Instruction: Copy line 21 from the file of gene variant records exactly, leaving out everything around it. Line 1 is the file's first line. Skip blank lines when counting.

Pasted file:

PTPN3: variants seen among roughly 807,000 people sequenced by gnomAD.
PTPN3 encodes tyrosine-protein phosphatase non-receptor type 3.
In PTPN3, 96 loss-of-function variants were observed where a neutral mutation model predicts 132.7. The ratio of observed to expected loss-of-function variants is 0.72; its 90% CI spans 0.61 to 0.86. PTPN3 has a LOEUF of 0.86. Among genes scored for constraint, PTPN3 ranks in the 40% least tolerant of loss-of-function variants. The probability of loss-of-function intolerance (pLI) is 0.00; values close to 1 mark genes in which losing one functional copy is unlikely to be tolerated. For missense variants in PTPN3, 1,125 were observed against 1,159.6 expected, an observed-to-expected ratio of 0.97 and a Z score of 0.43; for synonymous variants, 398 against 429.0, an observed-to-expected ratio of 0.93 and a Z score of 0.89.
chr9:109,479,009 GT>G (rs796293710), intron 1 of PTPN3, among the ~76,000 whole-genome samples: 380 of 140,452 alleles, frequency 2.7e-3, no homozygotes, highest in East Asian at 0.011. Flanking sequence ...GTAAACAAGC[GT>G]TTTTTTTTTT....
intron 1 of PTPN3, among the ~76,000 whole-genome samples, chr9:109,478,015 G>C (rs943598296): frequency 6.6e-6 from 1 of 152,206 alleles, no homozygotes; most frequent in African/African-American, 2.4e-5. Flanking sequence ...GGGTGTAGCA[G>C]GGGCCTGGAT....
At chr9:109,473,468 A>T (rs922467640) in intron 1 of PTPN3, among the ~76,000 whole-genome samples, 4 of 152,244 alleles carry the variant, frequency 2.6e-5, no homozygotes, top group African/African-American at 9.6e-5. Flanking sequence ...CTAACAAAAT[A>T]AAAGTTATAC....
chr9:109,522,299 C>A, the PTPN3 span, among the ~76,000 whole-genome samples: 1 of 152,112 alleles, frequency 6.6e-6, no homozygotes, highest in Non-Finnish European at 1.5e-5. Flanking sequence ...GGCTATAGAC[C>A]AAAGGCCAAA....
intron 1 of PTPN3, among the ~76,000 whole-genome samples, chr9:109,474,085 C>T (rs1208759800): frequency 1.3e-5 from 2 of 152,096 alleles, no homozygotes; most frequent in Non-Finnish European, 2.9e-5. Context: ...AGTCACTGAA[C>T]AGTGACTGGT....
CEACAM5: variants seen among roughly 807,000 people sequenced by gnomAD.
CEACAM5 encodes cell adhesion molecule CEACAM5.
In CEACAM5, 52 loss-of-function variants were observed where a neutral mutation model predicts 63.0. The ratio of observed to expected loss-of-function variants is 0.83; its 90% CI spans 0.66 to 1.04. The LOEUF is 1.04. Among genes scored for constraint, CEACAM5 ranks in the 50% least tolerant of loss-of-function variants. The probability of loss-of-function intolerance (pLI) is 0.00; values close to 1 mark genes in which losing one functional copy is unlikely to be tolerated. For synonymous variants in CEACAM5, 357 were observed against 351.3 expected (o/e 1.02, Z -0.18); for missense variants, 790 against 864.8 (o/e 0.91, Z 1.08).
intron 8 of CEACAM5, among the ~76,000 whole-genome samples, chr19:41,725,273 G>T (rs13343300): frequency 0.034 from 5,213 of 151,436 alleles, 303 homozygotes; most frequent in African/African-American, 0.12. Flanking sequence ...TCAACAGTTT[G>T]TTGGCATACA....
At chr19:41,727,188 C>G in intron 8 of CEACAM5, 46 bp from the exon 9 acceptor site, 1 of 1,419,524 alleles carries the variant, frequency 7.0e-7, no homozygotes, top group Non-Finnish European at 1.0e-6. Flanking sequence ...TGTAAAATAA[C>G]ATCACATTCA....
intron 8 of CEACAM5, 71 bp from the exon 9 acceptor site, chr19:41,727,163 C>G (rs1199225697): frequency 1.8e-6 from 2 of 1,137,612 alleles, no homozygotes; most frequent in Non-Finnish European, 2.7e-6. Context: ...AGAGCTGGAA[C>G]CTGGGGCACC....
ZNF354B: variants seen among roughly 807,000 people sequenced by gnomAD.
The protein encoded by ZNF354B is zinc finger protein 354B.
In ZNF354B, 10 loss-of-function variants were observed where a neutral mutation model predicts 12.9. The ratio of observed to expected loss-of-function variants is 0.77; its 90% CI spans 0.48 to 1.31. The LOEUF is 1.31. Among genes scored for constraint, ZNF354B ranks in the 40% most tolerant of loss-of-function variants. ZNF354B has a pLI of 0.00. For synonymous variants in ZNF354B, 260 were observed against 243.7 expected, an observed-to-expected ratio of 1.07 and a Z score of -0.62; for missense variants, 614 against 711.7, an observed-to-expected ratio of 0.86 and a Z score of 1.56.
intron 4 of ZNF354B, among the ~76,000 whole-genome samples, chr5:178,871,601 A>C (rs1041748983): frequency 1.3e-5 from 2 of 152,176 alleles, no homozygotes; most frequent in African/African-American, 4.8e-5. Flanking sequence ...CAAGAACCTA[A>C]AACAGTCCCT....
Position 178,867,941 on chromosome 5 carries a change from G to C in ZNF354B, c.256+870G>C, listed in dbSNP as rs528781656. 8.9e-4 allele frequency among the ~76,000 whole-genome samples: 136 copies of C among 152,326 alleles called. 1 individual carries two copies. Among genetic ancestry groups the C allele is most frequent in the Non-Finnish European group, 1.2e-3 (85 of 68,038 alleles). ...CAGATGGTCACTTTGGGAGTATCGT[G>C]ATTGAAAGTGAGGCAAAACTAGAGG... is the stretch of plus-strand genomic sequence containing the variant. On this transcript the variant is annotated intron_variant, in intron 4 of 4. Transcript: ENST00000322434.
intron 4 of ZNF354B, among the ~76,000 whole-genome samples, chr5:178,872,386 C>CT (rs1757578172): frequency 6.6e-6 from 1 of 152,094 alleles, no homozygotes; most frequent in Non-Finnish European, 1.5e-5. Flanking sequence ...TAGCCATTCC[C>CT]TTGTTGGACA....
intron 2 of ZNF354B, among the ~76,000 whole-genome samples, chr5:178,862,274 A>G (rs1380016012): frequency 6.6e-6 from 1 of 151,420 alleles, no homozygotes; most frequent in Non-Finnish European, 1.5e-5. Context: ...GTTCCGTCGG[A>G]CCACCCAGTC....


intron 2 of ZNF354B, among the ~76,000 whole-genome samples, chr5:178,862,274 A>G (rs1380016012): frequency 6.6e-6 from 1 of 151,420 alleles, no homozygotes; most frequent in Non-Finnish European, 1.5e-5. Context: ...GTTCCGTCGG[A>G]CCACCCAGTC....